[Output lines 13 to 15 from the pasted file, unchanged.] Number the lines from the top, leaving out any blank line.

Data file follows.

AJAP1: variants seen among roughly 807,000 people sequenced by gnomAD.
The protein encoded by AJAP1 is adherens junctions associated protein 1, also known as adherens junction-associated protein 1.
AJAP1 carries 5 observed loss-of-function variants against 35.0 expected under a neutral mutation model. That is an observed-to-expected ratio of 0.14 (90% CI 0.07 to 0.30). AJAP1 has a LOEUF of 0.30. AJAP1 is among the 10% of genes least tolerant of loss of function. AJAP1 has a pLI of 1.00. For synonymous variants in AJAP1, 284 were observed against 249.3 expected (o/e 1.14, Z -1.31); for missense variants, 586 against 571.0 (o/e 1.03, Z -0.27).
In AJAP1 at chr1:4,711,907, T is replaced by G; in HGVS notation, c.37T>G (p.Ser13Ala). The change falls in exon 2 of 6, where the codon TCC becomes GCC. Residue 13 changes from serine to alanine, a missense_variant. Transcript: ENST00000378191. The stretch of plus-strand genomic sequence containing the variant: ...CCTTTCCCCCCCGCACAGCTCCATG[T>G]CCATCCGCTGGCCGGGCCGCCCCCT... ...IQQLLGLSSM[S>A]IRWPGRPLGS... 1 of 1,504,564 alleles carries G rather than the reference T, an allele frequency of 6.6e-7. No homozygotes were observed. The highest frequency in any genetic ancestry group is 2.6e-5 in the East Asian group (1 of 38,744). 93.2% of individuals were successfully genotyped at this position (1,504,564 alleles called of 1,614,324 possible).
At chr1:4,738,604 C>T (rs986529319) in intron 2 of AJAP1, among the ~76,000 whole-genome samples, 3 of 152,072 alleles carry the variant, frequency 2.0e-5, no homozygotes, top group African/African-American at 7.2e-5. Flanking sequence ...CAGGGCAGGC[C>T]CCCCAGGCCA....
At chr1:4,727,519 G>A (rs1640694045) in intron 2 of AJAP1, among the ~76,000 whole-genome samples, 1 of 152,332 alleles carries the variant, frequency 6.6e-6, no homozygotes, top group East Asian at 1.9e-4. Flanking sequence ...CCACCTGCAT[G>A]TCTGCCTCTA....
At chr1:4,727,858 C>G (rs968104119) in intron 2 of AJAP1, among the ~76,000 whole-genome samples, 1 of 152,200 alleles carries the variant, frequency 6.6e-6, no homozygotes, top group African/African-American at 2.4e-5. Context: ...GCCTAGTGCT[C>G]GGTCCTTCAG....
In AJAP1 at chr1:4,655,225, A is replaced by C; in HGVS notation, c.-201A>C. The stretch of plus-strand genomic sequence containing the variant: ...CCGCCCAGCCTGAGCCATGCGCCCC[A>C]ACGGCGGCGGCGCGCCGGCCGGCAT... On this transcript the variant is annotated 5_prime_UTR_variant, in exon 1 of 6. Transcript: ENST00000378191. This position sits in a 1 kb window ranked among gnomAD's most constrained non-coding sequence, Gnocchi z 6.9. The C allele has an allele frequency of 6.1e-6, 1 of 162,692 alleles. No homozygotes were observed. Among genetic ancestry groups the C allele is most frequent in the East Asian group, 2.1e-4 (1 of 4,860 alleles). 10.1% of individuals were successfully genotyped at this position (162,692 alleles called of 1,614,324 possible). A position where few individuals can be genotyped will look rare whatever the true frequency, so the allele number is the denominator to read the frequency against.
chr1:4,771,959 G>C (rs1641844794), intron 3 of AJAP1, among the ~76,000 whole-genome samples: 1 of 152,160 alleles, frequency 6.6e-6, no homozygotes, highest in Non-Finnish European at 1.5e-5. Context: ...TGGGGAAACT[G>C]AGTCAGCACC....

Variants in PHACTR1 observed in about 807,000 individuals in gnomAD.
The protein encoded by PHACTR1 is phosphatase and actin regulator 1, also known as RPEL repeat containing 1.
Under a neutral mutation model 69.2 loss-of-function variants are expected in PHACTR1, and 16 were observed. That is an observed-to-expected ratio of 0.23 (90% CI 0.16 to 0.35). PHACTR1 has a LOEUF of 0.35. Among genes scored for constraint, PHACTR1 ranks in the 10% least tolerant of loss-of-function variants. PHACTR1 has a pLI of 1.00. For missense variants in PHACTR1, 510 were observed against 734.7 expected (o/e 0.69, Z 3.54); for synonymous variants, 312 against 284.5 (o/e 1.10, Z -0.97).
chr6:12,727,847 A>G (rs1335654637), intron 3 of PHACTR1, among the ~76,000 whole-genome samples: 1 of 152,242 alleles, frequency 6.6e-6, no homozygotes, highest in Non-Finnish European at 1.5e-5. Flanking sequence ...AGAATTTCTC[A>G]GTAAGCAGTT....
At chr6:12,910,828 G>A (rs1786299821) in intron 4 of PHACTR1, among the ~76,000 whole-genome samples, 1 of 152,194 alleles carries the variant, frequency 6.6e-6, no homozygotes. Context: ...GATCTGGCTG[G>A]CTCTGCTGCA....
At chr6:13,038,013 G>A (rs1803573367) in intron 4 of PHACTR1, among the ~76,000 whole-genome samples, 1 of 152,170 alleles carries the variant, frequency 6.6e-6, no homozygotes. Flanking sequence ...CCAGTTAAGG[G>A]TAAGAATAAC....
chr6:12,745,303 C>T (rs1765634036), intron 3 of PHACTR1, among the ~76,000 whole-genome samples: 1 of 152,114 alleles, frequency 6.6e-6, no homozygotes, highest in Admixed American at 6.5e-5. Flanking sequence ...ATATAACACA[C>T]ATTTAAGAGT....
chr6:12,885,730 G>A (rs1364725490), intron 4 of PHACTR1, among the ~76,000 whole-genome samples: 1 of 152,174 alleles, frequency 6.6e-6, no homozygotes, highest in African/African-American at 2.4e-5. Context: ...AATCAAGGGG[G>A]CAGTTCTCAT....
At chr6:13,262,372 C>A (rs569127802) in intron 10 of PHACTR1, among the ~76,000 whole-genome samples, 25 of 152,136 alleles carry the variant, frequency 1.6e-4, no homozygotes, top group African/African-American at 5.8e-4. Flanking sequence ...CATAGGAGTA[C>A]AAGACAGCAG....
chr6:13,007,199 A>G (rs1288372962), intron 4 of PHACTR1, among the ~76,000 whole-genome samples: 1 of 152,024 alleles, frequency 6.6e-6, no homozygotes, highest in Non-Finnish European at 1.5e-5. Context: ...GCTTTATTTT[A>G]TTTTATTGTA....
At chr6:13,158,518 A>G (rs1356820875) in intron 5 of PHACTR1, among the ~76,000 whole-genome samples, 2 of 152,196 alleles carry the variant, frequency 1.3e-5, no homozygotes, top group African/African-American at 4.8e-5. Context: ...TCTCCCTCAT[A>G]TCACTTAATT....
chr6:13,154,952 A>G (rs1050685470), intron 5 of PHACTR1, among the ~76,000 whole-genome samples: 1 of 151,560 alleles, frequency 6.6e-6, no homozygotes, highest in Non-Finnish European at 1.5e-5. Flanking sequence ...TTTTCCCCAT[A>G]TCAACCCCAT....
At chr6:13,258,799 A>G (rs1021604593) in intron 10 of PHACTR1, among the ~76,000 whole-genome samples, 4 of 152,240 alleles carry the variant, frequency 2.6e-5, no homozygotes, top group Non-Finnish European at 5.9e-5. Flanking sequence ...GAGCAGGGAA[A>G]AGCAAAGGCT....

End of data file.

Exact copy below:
chr6:12,727,847 A>G (rs1335654637), intron 3 of PHACTR1, among the ~76,000 whole-genome samples: 1 of 152,242 alleles, frequency 6.6e-6, no homozygotes, highest in Non-Finnish European at 1.5e-5. Flanking sequence ...AGAATTTCTC[A>G]GTAAGCAGTT....
At chr6:12,910,828 G>A (rs1786299821) in intron 4 of PHACTR1, among the ~76,000 whole-genome samples, 1 of 152,194 alleles carries the variant, frequency 6.6e-6, no homozygotes. Context: ...GATCTGGCTG[G>A]CTCTGCTGCA....
At chr6:13,038,013 G>A (rs1803573367) in intron 4 of PHACTR1, among the ~76,000 whole-genome samples, 1 of 152,170 alleles carries the variant, frequency 6.6e-6, no homozygotes. Flanking sequence ...CCAGTTAAGG[G>A]TAAGAATAAC....